"If we conceded a lead, we were gone. We didn't think like a team that thought it could fight back and still win outright. We have worked on our mental game. This season, we realised the need to stay neutral and not let success or failure affect team morale. Stay the same, train hard, and take every result in your stride."
Jalaj Saxena, the Kerala professional, has played a big part in changing the team ethos. He also leads their run-chart so far this season. With the ball, they've moved from spin-oriented to being pace-centric, with Basil Thampi and Warrier at the forefront. One of the biggest factors, however, has been defying conventional wisdom and embracing an instinct-driven approach.
Sijomon Joseph, primarily a left-arm spinner, showed promise as a batsman and the team management gave him a prominent batting role in a crucial game. Sent in at No. 3, primarily to lengthen the batting, he tackled a rampaging Gujarat pace attack in the second innings to make a half-century to help build a lead.
The experiments also worked when Vinoop Manoharan, a bowling allrounder who wasn't in top form in his primary skills, was thrusted to open the batting for the first time in the must-win league game against Himachal Pradesh. In a chase of 295, Manoharan responded with a 143-ball 95 as Kerala completed the chase with five wickets in hand.
"It was down to belief and gut feel," Whatmore explains. "As a side, when you see potential, you have to take the chance and give them the belief. There's no place for apprehension when you're in a must-win situation. We knew we had to go after the runs or go home, so putting a guy who had the belief in a situation like that was a win-win for us."
Yet, as well as their makeshift batsmen responded, they wouldn't have been in the semi-finals if not for the efforts of their two premier fast bowlers, Thampi and Warrier, who picked up 16 wickets together. Overall, the two have 72 wickets between them this season.
It didn't start too well for Warrier, who picked up just three wickets in the first two games.
However, the team management persisted with him. On a greentop that Bengal had rolled out at Eden Gardens, chiefly to field a pace battery headlined by Mohammed Shami, Ashok Dinda and Ishan Porel, little did they realise the move could backfire. Warrier ended with a match haul of seven wickets, while Thampi too did his bit in an imposing win. The pair had been room-mates at the MRF Pace Academy and during their age-group days. Here they were spearheading Kerala's season.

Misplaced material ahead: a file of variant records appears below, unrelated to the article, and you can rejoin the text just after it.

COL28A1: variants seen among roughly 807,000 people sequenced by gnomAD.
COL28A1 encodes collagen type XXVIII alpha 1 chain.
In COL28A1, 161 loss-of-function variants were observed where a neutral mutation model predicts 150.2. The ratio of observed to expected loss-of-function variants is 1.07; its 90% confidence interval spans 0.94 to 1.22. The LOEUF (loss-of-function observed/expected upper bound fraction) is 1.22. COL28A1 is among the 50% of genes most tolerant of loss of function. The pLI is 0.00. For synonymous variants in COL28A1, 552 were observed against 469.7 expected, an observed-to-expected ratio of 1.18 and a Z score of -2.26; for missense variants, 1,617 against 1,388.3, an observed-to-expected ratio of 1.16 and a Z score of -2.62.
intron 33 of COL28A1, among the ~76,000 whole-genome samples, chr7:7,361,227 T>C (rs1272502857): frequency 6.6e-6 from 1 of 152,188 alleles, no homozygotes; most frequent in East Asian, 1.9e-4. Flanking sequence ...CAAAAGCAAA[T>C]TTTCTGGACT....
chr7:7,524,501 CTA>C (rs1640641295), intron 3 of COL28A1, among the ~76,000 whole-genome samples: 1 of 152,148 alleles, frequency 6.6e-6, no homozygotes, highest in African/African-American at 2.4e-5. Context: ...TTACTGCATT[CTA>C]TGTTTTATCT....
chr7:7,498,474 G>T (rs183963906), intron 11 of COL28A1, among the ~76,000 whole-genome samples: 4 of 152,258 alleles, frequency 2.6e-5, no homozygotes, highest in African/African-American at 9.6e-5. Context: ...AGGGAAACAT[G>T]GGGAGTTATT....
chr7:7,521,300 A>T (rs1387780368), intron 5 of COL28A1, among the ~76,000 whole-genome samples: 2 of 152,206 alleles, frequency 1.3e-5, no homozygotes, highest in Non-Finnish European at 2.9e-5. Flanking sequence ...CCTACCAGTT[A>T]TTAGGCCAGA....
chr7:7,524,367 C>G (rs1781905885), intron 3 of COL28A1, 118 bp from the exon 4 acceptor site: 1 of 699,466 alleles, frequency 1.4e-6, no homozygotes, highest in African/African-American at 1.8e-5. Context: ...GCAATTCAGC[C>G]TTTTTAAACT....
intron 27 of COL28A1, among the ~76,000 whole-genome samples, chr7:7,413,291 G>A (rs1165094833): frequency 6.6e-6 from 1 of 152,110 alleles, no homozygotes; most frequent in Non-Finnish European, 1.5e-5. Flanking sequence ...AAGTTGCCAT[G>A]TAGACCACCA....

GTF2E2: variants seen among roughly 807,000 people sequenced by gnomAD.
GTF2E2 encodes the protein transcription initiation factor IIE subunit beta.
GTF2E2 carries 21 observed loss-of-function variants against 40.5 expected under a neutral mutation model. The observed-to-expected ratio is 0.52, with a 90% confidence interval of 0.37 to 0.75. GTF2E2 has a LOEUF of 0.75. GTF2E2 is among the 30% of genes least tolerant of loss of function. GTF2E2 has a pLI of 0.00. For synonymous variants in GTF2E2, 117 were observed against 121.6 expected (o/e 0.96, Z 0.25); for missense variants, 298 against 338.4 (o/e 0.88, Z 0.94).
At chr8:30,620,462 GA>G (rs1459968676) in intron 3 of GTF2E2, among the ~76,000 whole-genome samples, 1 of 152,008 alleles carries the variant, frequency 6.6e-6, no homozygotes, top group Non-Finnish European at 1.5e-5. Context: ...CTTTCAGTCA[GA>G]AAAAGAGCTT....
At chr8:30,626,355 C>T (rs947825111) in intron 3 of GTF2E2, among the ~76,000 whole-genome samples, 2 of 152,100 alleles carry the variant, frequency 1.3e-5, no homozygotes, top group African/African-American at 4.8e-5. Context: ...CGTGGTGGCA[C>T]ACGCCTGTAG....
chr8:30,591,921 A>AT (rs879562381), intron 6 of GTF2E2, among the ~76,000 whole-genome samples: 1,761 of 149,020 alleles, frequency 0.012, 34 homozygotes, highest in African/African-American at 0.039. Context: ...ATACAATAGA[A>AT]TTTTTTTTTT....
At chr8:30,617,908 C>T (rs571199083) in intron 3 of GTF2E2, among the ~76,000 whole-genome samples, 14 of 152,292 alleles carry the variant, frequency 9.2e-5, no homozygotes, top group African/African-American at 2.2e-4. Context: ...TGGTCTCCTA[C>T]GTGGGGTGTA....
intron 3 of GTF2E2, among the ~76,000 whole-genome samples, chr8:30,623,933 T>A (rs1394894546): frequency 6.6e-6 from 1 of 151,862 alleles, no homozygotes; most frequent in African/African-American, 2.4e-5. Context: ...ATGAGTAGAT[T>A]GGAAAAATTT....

"Warrier didn't have confidence in himself last year, so to see this improvement is credit to the work he has put in," Whatmore says. "He's built a solid work ethic with his fitness, the work he puts into his bowling at training, and the hunger to keep learning. This has rubbed off on all the bowlers."
Rajesh Chauhan, a trainer who had previously worked with Whatmore during his time in Zimbabwe, is now part of the support staff, and attributes the change to Warrier's fitness routines.
"Kerala's staple diet is rice, so it was a challenge to get all our bowlers move away to a carb-deficit diet, work on protein-rich food," he says. "John Gloster [the former India physiotherapist] introduced me to the low-carb-high-fat system, and this has worked wonders."
Warrier bowled 16 overs unchanged during the quarter-final match, while Thampi has logged spells of 12 overs in at least four games. Saxena, too, has earlier in the season bowled long spells, and then returned to open the batting.
As is to be expected, the victories have aided the team's improved camaraderie and Baby says "everyone is on the same page now". For Whatmore, this involves asking the players to present slides at team meetings to get them to open up. At other times, he joins the players for chai [tea] and puttu [a rice dish] at roadside eateries, chatting about the world outside cricket. This mix of the serious and the sensible has helped improve relationships, although Whatmore believes there is a lot more to do.
"There's no balm like victory. It's a simple message. They've done well, but I don't want them to be carried away by this success. You don't become a good team with flashes of brilliance. We're now aiming for consistency. I want them to fight all the way."
Sanju Samson exhibited this spirit and single-minded determination when he batted with a broken right hand in the quarter-final to help stretch Kerala's lead. Now for the team, who've shown similar spunk, to carry it forward as a whole.

Shashank Kishore is a senior sub-editor at ESPNcricinfo